November 10, 2022

In an effort to build 1.5 million homes in Ontario over the next 10 years, the Provincial Government is proposing a series of changes to legislation under Bill 23. This will directly impact Conservation Authorities and their ability to provide science-based watershed advice for the purpose of protecting communities from environmental hazards and preserving vulnerable ecosystems and valuable public green spaces.

Brad McNevin, CAO says, “We want to do our part to help the government meet its housing goal, but the proposed changes outlined in Bill 23 would have many serious, negative impacts to our environment which would contribute to issues with water quality, public safety, increased taxes, and a higher demand for new infrastructure and maintenance.”

Conservation Authorities across the province are concerned that some changes proposed in the More Homes Built Faster Act will:

  • Place new responsibilities on municipalities related to natural hazards and natural resources that may lead to inefficiencies, uncertainties, and delays in the development review process;
  • Weaken the ability of conservation authorities to continue protecting people and property from natural hazards;
  • Reduce critical and natural infrastructure like wetlands that reduce flooding and protect waters in our lakes and rivers; and,
  • Be unable to perform a review and commenting role on development applications as a ‘municipal’ or ‘other’ program or service for prescribed Acts. The Acts proposed to be prescribed in the regulation include:
    • The Aggregate Resources Act
    • The Condominium Act
    • The Drainage Act
    • The Endangered Species Act
    • The Environmental Assessment Act
    • The Environmental Protection Act
    • The Niagara Escarpment Planning and Development Act
    • The Ontario Heritage Act
    • The Ontario Water Resources Act
    • The Planning Act

These services include natural heritage systems management programs and policies that have exceptionally consequential impacts on conservation authorities' ability to achieve their core mandates including the protection of people and property from flood hazards as well as the protection of sources of drinking water.

McNevin adds, “Conservation Authorities work closely with local Municipalities who rely on the benefits of our long-standing partnerships. In our view, the proposed changes undermine the core mandate of Conservation Authorities and may put people – and their homes – at risk.”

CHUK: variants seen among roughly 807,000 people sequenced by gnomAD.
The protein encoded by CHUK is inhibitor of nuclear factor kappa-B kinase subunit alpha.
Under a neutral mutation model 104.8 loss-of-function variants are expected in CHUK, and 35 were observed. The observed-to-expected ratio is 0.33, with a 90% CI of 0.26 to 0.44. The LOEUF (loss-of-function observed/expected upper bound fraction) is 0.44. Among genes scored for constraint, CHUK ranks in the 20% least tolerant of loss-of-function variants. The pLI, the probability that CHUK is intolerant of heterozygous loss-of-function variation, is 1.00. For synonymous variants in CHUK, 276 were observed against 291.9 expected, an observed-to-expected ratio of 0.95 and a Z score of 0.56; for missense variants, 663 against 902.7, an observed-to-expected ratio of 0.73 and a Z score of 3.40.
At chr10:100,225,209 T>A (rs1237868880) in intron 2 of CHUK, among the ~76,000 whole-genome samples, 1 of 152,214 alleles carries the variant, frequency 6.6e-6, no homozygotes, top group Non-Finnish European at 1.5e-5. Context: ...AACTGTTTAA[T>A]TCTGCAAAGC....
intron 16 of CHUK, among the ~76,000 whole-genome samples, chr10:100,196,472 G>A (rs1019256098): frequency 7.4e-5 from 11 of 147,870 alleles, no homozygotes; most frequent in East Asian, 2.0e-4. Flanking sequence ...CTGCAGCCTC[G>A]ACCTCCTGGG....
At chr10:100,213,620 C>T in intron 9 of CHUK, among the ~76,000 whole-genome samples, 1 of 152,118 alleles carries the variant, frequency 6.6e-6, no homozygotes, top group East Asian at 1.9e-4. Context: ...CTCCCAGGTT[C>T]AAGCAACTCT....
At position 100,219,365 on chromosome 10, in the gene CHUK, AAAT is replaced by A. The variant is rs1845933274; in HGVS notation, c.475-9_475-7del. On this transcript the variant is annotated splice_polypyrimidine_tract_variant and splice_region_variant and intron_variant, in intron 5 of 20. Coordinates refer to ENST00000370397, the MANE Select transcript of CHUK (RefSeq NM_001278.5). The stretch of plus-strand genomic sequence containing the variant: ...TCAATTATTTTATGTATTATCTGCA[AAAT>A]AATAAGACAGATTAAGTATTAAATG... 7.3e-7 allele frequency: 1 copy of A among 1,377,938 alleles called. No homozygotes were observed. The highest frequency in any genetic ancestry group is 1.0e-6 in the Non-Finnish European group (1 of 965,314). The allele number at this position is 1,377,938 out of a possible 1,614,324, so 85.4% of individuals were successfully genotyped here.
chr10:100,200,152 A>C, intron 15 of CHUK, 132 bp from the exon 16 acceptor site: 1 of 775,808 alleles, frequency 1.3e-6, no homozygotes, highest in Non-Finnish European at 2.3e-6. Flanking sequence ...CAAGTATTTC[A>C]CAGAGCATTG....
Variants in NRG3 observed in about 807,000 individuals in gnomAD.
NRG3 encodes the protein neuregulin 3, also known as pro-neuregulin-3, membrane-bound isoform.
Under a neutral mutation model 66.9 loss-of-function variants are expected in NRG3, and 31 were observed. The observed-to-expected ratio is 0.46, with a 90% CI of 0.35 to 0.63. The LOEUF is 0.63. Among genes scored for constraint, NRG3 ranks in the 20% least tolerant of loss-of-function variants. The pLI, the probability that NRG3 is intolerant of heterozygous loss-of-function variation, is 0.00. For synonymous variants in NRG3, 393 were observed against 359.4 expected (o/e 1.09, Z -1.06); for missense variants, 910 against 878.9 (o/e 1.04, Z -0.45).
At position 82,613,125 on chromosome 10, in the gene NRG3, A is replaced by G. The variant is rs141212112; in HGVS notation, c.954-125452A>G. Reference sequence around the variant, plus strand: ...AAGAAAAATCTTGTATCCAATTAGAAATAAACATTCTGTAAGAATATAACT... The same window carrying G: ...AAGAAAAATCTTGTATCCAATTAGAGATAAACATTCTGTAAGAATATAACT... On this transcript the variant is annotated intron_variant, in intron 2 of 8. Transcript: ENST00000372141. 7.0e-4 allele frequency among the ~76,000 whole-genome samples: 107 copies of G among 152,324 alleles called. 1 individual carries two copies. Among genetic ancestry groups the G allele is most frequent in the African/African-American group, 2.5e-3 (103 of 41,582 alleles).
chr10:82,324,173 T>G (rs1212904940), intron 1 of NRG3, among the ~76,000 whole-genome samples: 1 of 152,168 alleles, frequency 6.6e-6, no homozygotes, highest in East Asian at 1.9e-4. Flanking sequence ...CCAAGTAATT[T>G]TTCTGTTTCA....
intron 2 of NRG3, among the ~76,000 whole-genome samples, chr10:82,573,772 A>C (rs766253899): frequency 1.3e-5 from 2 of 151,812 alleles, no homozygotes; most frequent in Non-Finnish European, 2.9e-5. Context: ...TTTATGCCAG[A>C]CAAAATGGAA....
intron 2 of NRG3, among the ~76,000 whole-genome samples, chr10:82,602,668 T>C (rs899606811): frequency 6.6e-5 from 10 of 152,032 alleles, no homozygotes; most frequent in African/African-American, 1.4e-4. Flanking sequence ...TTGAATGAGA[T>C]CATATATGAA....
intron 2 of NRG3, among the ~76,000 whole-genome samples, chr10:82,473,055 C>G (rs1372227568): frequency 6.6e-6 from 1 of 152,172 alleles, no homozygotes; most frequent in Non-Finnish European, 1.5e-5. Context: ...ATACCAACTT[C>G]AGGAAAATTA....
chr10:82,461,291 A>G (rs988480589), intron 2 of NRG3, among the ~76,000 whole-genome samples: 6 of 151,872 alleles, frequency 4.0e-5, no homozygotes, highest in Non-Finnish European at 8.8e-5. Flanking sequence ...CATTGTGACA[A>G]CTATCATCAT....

To avoid unintended consequences, we request the removal of Schedule 2 of Bill 23 and changes to the Conservation Authorities Act that limit the ability of Municipalities to enter review and commenting agreements with Conservation Authorities and those that delegate Conservation Authority regulations to Municipalities. We offer instead the following amendments for consideration:

  • Allow Municipalities to continue voluntary agreements for review and commenting with Conservation Authorities; this means removal of the clauses in Bill 23 that prevent this from occurring.
  • The current model enables Municipalities to use existing expertise within Conservation Authorities to fulfill responsibilities for natural heritage and water resources, while saving time and money for applicants.
  • Development subject to Planning Act authorizations should not be exempt from Conservation Authority permits, and CA regulations should not be delegated to municipalities. This approach could result in building permits issued in error and other unintended results. The watershed, not municipal boundaries, should continue to be the scale used to assess natural hazards.
  • The multi-stakeholder Conservation Authority Working Group should continue working with the Province to provide solutions for shared goals and objectives.
  • Conservation Authority development fees should not be frozen since they are based on cost recovery.

If you are concerned about the changes brought on by Bill 23 and would like to have your say:

  • Appear before, or make a submission to, the Standing Committee reviewing Bill 23. Submissions are due by 7:00 PM on November 17, 2022. Learn more:
  • Submissions can also be made to the Environmental Registry of Ontario posting. The deadline is November 24. To submit a comment:

Quinte Conservation is a community-based environmental protection agency. It serves 18 municipalities in the watersheds of the Moira, Napanee and Salmon Rivers and Prince Edward County. It provides cost-effective environmental expertise and leadership. Quinte Conservation’s main goal is to create a sustainable ecosystem where people and nature live in harmony. More information about Quinte Conservation is available at


For more information contact:
Brad McNevin, CAO (613) 968-3434 ext. 103